carsales.com have released a survey on Australian car-naming trends
Men look to genitalia for inspiration when naming their cars, according to research from Carsales.
Names such as “Blue Dick” and “Dick Popsicles” were revealed in the survey. One woman even reported that her husband christened his ute “The Uterus”. Men are also twice as likely to adopt risqué names for their vehicles than women. Names such as “Mazdabator” and “Fanny the Fiesta” were dropped in the survey.
Australian women, on the other hand, are leading the charge on more subtle sexually-suggestive names. One example is “Blowie”, inspired by the driver’s numberplate, YBJ.
Surprisingly, men were much more likely to label their cars as ‘lemons’. This led to more derogatory names for cars owned by men. Sam Granleese, Director, Product & Insights at Carsales, commented on this odd finding:
“On one hand, you could see this trend meaning men have higher expectations of their cars than women. On the other hand, you could argue women are more cautious in choosing what they drive.”
Celebrity-based names were equally popular across both sexes. Tributes to Taylor (Suzuki) Swift and Sonya (Toyota) Kluger were among the most popular. Fictional characters like Puff the Magic Dragon, Frankenstein, Scooby Doo and Kermit were also popular, and fairly even for men and women.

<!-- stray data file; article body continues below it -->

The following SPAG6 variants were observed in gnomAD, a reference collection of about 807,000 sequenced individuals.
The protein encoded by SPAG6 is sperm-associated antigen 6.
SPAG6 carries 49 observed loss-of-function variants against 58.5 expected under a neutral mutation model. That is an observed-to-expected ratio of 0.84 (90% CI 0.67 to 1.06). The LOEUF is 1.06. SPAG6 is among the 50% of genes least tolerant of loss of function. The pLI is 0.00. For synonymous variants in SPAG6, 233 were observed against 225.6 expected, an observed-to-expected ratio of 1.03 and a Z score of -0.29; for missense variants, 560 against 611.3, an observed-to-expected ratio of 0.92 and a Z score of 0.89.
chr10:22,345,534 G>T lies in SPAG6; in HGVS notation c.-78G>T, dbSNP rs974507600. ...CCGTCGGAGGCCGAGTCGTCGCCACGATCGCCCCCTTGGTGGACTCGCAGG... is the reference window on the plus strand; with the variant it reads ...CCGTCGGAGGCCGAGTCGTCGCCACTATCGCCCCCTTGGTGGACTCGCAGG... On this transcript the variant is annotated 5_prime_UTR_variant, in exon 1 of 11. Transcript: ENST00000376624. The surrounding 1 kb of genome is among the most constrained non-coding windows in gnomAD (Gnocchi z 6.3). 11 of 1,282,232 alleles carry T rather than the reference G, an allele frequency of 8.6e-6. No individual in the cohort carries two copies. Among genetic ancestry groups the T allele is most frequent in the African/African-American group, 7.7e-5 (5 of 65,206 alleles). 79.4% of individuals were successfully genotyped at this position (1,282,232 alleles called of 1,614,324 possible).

Almost half of respondents (45.8%) gave their cars names which relate directly to their colour. “Silver Bullet” and “Scarlet” are two such examples. The most popular name was Betsy: 2.27% among men and 1.98% among women.
Women are twice as likely to name their car after its manufacturer than men. Manufacturers themselves have played a role in the car-naming trend. They’ve shortened Mazda to “Mazzy” (I still prefer “Mazdabator”), Nissan to “Nissy”, Mitsubishi to “Mitzy”, Ford to “Freddy” and Holden to “Harry”.
The hilarious results suggest that Australians seem to show little tact when naming their vehicles. They also are heavily invested in their vehicles and have a close-to-human relationship with them!
Nearly half of respondents (49.1%) think people who name their cars are friendly, and more than one third (36.2%) think these people are ‘cool’.
The survey was conducted on 800 people aged between 18 and 65 to celebrate 20 years of carsales.com.